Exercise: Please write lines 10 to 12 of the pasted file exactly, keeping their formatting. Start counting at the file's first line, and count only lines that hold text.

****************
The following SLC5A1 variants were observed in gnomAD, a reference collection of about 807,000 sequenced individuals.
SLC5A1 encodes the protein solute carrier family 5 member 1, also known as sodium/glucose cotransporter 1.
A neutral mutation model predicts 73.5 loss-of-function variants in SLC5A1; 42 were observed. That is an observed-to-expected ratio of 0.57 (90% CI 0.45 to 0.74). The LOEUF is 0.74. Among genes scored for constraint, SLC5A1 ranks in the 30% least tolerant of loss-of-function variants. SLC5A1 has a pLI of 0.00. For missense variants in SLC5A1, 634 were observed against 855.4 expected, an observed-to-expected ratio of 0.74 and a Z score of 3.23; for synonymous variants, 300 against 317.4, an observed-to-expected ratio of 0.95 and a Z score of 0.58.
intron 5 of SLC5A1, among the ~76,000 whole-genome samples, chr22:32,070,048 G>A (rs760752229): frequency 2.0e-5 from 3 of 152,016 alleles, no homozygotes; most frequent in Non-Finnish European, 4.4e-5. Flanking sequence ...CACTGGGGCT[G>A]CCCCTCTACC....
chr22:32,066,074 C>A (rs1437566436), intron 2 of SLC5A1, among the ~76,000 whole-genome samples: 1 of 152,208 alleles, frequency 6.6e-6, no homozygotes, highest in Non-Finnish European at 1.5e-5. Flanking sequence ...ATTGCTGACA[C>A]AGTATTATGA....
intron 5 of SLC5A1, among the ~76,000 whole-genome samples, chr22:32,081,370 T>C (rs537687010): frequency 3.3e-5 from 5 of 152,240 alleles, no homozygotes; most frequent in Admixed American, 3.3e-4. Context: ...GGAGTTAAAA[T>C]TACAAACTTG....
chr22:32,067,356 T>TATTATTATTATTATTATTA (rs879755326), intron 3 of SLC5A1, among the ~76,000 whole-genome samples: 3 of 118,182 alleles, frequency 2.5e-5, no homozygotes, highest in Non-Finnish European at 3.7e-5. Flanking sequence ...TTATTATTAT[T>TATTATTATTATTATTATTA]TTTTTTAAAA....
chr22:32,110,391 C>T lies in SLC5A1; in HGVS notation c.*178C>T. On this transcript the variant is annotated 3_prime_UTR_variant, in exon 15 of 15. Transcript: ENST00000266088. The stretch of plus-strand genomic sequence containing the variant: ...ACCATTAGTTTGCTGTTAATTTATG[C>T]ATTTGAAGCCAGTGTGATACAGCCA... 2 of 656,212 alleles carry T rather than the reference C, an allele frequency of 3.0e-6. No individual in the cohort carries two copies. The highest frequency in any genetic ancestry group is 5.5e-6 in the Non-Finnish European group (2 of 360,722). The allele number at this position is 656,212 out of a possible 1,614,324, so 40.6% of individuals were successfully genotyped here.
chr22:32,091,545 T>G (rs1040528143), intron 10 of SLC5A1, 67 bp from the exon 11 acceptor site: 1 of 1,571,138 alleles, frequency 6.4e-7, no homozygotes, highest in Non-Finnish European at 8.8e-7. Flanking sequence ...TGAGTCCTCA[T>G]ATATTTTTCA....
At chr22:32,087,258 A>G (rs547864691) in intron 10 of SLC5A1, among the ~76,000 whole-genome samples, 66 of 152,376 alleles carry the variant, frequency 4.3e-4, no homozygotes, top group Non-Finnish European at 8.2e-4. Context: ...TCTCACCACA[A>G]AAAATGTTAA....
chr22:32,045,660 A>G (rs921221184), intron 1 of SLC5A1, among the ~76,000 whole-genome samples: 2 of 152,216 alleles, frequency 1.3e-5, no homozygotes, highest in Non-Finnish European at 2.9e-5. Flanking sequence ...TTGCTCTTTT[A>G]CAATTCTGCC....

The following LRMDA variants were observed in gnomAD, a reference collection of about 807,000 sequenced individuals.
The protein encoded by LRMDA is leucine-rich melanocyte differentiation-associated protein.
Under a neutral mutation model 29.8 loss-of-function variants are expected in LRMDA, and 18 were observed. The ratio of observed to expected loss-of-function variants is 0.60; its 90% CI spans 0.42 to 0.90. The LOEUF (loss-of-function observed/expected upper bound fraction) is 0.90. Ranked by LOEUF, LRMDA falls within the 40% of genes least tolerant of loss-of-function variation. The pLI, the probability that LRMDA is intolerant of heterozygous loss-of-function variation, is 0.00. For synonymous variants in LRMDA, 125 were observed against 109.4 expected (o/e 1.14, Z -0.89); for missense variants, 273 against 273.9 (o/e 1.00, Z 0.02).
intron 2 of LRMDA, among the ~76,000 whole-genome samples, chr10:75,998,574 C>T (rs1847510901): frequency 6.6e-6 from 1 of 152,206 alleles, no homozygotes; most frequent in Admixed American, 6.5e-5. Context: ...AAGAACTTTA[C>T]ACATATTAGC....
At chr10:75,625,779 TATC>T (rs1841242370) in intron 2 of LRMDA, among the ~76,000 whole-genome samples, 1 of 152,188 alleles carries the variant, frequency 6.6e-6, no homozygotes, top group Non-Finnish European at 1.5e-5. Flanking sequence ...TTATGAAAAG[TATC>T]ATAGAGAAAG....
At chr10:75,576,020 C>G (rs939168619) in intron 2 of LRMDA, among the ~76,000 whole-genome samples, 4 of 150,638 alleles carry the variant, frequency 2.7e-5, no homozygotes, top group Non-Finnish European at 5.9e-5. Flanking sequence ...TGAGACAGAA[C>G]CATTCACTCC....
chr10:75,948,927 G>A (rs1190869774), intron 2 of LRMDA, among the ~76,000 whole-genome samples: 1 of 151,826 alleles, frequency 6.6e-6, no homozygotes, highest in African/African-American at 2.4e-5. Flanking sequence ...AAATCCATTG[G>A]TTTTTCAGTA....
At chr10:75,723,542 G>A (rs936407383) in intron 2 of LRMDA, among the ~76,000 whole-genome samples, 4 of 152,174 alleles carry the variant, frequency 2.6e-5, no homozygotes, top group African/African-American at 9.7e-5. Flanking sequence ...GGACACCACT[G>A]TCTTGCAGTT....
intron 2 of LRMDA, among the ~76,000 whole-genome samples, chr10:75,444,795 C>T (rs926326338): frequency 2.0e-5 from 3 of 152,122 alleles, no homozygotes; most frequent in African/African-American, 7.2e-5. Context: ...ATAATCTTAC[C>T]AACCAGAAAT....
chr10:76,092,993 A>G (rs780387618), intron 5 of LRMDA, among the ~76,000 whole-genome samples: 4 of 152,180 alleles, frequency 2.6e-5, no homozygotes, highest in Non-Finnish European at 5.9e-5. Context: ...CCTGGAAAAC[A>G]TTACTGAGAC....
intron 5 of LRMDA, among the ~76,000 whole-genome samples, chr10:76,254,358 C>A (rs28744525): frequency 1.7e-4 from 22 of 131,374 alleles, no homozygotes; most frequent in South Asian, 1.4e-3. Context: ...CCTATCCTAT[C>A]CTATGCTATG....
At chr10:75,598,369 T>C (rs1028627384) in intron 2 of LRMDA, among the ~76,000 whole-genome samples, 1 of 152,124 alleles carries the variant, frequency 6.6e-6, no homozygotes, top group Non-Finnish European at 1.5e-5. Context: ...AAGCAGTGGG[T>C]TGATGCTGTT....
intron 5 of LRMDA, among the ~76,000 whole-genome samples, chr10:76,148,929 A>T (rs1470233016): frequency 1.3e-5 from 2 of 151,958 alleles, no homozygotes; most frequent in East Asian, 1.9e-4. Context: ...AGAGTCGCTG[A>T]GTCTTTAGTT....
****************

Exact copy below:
At chr22:32,087,258 A>G (rs547864691) in intron 10 of SLC5A1, among the ~76,000 whole-genome samples, 66 of 152,376 alleles carry the variant, frequency 4.3e-4, no homozygotes, top group Non-Finnish European at 8.2e-4. Context: ...TCTCACCACA[A>G]AAAATGTTAA....
chr22:32,045,660 A>G (rs921221184), intron 1 of SLC5A1, among the ~76,000 whole-genome samples: 2 of 152,216 alleles, frequency 1.3e-5, no homozygotes, highest in Non-Finnish European at 2.9e-5. Flanking sequence ...TTGCTCTTTT[A>G]CAATTCTGCC....

The following LRMDA variants were observed in gnomAD, a reference collection of about 807,000 sequenced individuals.